Johannes Ockeghem (ca. 1425-1495) was a Netherlandish composer who spent most of his creative life at the French court.
Johannes Ockeghem was born in the Netherlands, possibly in Hainaut. Nothing is known about his early years, although he undoubtedly studied music in one of the cathedral schools for which his homeland was justly famous. The earliest document concerning his activity places him among the more than 50 singers in the choir of the Church of Our Lady in Antwerp in 1443/1444. This is also the only reference to his activity in the Netherlands.
In 1448 Ockeghem appeared on the list of 13 singers employed by Charles, Duke of Bourbon, then residing in Moulin. By 1452 Ockeghem's name was first in the list of singers in the chapel of Charles VII of France. He was to serve the French kings for more than 40 years. By 1454 he was premier chappelain and dedicated a book of music, presumably his own, to the king. Records of gifts from the king for this collection and for a single chanson are preserved. References to his activity at court are preserved, unfortunately with little or no mention of particular compositions. Thus, the chronology of his output remains a problem.
The high esteem in which the kings of France held Ockeghem is demonstrated by the positions they secured for him. He became treasurer of the Abbey of St. Martin of Tours, one of the richest abbeys of the time, whose abbots had historically been the kings of France. He was not required to reside there, possibly because of the desire for his musical services at court. In 1465 he also received the title maistre de la chappelle de chant du roy. During the remainder of his life he left France only for a short journey to Spain in 1470 and Flanders in 1484.
Ockeghem's fame was not limited to the country of his patrons. Sometime before 1467 his contemporary Antoine Busnois composed the motet In hydraulis, which praises Ockeghem. Johannes Tinctoris, leading theorist of the time and active in Naples, dedicated his Liber de natura et proprietate tonorum (1476) to Ockeghem and Busnois and named Ockeghem as the most famous musician of his time in the prologue to his Liber de arte contrapuncti (1477). Erasmus of Rotterdam wrote a lament on Ockeghem's death.
For a composer of this renown, a surprisingly small number of works have been preserved. These include 20 chansons, 10 complete Mass Ordinaries, 3 incomplete Mass Ordinaries, a Requiem Mass, and no more than 10 motets. Although his works are now seen in a more accurate light, Ockeghem's reputation was formerly based on the knowledge of only a few, atypical works which emphasized complex compositional procedures. The Missa prolationem, a series of mensuration canons, and a 36-voice canonic motet were among the first works to come to the attention of scholars. Although each is a tour de force in contrapuntal artifice, they are not typical of his general style.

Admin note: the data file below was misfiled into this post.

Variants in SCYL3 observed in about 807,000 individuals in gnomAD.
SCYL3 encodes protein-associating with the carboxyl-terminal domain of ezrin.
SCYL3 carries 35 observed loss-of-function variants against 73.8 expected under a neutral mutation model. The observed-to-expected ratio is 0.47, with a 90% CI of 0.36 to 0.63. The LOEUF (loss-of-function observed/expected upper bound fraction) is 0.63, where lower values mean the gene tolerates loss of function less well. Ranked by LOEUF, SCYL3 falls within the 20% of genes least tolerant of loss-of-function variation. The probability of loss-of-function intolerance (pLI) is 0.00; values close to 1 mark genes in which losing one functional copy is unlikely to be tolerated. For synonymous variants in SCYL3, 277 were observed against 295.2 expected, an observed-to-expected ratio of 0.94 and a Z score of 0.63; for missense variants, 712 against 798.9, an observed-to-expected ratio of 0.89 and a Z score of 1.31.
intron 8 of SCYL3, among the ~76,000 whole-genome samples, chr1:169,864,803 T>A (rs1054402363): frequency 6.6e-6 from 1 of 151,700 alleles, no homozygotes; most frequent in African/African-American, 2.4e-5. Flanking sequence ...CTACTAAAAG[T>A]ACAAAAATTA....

Ockeghem's output is better characterized by other works, which demonstrate his rhapsodical, asymmetrical melodic style and a general avoidance of pervading imitation. All voices are of equal importance and of similar and eminently vocal character. In contrast to his contemporary Jacob Obrecht, with whom his name is often linked, Ockeghem seemed to consciously avoid clear cadences and their articulating effect. This avoidance of clear phrases and an asymmetrical melodic line have been compared to the mysticism of certain religious movements of the period. Ockeghem also frequently used the lowest part of the vocal range, which resulted in a very dark sound. These are the features that best characterize his work, not the contrapuntal complexity of a few exceptional compositions.
Ernst Krenek, Johannes Ockeghem (1953), is a succint biographical and critical study. A thorough discussion of Ockeghem's life, works, and times is found in Gustave Reese, Music in the Renaissance (1954; rev. ed. 1959). Manfred F. Bukofzer, Studies in Medieval and Renaissance Music (1950), and Donald Jay Grout, A History of Western Music (1960), have good discussions of Ockeghem and are recommended for general background. □
Johannes Ockeghem (yōhän´əs ŏk´əgĕm), c.1410–1497, Flemish composer. Ockeghem is thought to have been a pupil of Gilles Binchois and was definitely taught by Guillaume Dufay. He himself taught Josquin Desprez. He served three kings of France—Charles VII, Louis XI, and Charles VIII—and died at Tours. Considered the leader of the second generation of Flemish composers, he made highly influential contributions to imitative counterpoint in sacred music.